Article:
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Which Trees Should Be Pruned in Winter?

While we’ve already written about some of the benefits of pruning your trees in winter, did you know that there are some trees that should ONLY be pruned during the winter (or dormant) months?

Fruit trees, in particular, benefit from being pruned during the winter. But some other trees on your New Jersey property should be pruned while dormant as well.

In this article, we’ll go over the trees to prune during the winter, the benefits of winter or dormant pruning, and more.

Alpine Tree Service crew members climb in deciduous tree canopies for winter pruning services in New Jersey.

A Reminder of the Benefits of Winter Pruning or Trimming

You may be surprised to learn that trees can be pruned in winter, but in many cases, it’s not only possible, but recommended. Winter tree pruning is beneficial because:

  • Trees won’t release as much sap when they are pruned during the winter months
  • Pests and diseases are less active and will be less likely to infect tree-pruning wounds
  • The structure of the tree is easily viewed due to the lack of leaves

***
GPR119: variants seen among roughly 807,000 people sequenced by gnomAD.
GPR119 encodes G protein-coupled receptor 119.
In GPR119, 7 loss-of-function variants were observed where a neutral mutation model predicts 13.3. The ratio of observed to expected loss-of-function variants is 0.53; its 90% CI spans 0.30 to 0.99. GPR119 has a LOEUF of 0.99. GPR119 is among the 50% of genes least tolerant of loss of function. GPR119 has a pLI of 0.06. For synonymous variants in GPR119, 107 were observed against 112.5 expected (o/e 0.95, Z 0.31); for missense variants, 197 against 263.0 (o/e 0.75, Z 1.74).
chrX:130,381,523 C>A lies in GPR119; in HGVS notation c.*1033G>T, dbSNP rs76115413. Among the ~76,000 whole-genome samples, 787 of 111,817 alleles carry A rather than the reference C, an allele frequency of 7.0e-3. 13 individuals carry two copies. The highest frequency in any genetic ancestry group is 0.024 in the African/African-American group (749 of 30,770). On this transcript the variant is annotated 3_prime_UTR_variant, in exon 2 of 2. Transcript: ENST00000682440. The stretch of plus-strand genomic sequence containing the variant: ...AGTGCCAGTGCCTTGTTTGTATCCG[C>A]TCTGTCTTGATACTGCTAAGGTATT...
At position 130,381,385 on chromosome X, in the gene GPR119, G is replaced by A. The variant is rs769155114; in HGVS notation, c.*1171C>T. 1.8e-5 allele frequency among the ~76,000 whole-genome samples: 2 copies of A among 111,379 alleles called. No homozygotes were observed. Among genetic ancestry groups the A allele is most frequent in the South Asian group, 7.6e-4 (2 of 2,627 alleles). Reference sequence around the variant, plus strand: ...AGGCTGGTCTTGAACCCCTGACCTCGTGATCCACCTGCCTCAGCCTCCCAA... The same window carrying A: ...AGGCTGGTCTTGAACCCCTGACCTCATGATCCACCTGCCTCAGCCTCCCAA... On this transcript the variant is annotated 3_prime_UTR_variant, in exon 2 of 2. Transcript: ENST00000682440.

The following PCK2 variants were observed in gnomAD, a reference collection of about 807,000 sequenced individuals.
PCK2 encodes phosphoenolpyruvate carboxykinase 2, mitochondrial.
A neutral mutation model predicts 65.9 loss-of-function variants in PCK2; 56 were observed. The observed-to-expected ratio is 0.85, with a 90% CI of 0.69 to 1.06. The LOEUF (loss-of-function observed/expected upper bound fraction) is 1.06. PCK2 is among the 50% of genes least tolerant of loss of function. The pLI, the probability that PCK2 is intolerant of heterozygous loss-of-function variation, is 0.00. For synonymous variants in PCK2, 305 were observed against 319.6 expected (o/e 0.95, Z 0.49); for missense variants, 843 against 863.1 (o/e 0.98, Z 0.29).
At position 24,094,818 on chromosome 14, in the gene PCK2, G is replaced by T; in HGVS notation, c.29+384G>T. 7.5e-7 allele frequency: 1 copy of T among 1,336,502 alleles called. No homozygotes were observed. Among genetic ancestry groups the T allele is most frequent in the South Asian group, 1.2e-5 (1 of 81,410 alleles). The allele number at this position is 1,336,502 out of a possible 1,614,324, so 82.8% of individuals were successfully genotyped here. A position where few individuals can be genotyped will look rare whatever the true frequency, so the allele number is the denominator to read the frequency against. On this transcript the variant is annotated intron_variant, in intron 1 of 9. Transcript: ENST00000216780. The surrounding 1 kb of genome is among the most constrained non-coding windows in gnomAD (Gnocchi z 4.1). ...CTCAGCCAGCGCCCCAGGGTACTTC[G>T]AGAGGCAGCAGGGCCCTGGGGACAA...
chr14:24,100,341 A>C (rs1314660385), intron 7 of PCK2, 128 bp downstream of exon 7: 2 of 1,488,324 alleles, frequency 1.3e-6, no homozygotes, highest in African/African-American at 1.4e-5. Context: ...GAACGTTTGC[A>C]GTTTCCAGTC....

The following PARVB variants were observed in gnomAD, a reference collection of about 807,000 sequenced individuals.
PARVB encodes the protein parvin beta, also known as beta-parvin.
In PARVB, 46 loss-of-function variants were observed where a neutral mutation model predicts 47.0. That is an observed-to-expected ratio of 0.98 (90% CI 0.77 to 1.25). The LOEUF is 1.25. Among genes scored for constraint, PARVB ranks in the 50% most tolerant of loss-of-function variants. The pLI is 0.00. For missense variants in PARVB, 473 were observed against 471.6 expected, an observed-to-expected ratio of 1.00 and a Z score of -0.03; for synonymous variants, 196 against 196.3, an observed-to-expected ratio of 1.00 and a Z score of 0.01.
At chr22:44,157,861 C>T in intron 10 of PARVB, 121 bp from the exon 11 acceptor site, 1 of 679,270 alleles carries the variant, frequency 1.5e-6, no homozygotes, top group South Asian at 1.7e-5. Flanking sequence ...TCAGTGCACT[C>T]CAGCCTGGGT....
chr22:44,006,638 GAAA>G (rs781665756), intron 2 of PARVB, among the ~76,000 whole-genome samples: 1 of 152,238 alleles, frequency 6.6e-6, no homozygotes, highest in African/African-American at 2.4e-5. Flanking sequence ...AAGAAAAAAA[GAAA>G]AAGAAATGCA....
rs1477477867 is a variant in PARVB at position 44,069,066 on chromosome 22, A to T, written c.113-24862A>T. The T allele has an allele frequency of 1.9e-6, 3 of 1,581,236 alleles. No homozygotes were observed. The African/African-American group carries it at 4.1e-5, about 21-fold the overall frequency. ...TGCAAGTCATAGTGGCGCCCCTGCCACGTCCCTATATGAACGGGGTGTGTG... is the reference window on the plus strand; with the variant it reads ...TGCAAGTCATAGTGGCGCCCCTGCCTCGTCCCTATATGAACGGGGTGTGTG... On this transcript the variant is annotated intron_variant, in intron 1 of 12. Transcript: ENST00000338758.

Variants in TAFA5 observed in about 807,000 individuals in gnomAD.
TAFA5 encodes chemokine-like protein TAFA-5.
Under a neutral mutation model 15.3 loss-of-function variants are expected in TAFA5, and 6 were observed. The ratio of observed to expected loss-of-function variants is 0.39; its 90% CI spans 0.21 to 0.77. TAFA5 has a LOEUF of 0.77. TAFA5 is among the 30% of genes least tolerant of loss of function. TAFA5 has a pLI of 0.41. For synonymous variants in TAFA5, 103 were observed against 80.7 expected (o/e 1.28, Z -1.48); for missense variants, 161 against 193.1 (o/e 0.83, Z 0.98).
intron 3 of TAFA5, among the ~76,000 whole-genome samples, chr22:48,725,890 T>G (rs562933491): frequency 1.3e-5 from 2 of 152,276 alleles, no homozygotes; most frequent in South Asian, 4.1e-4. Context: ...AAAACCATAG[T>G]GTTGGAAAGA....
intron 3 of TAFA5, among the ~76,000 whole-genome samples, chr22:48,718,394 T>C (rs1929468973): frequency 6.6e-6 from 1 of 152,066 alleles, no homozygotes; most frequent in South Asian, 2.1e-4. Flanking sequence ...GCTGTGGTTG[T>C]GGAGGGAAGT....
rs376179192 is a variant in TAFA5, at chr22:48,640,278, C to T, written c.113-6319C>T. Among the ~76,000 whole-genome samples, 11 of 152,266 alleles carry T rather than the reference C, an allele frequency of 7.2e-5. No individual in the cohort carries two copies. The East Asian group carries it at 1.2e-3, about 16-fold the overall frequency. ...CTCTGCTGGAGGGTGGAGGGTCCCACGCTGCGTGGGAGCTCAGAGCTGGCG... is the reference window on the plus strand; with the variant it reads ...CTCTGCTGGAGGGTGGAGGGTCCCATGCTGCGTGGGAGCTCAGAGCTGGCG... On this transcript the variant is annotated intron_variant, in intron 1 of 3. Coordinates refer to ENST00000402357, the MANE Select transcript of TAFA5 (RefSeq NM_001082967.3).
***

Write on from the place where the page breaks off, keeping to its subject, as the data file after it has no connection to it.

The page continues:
• Winter pruning is less stressful for trees
  • And more!

Read more about the benefits of winter tree pruning >>

Fruit trees with many water sprouts covered with a light layer of snow during a New Jersey winter.

Why Should Fruit Trees Be Pruned in Winter?

While other trees are grown for benefits such as shade, spring flowers, fall foliage, wind protection, or privacy, fruit trees are usually grown for, well, their fruit.

Fruit trees need to be pruned while they are dormant (before new buds are produced), otherwise, the production of the fruit may be stunted or prevented.

Pruning fruit trees while they are dormant also helps to maximize fruit production in a variety of ways:

Dead branches, damaged sections of the tree, or diseased wood can be removed during a period when the structure of the tree is more visible and many pests and diseases are less active. (This applies to all trees, not just fruit trees).

The structure of fruit trees is important. Pruning while trees are dormant allows the tree care professional to view the entire structure of the tree and to make pruning cuts that maintain the central leader and scaffold branches while removing other branches. This strong tree structure allows more fruit to grow without breaking the branches.

Fruit trees often sprout smaller, weaker branches called water sprouts that need to be removed. Removing the water sprouts during the winter ensures that your tree isn’t losing the energy to produce these branches. The water sprouts can also prevent light or air from reaching the tree’s fruit, which can be detrimental to the fruit growing and ripening.

Light needs to hit fruit to help it ripen, so dormant fruit tree pruning will open the tree canopy to allow more light to get through. Proper pruning will also increase the airflow through the tree’s canopy, preventing some fungal issues.

What Other Trees Should Be Pruned in Winter?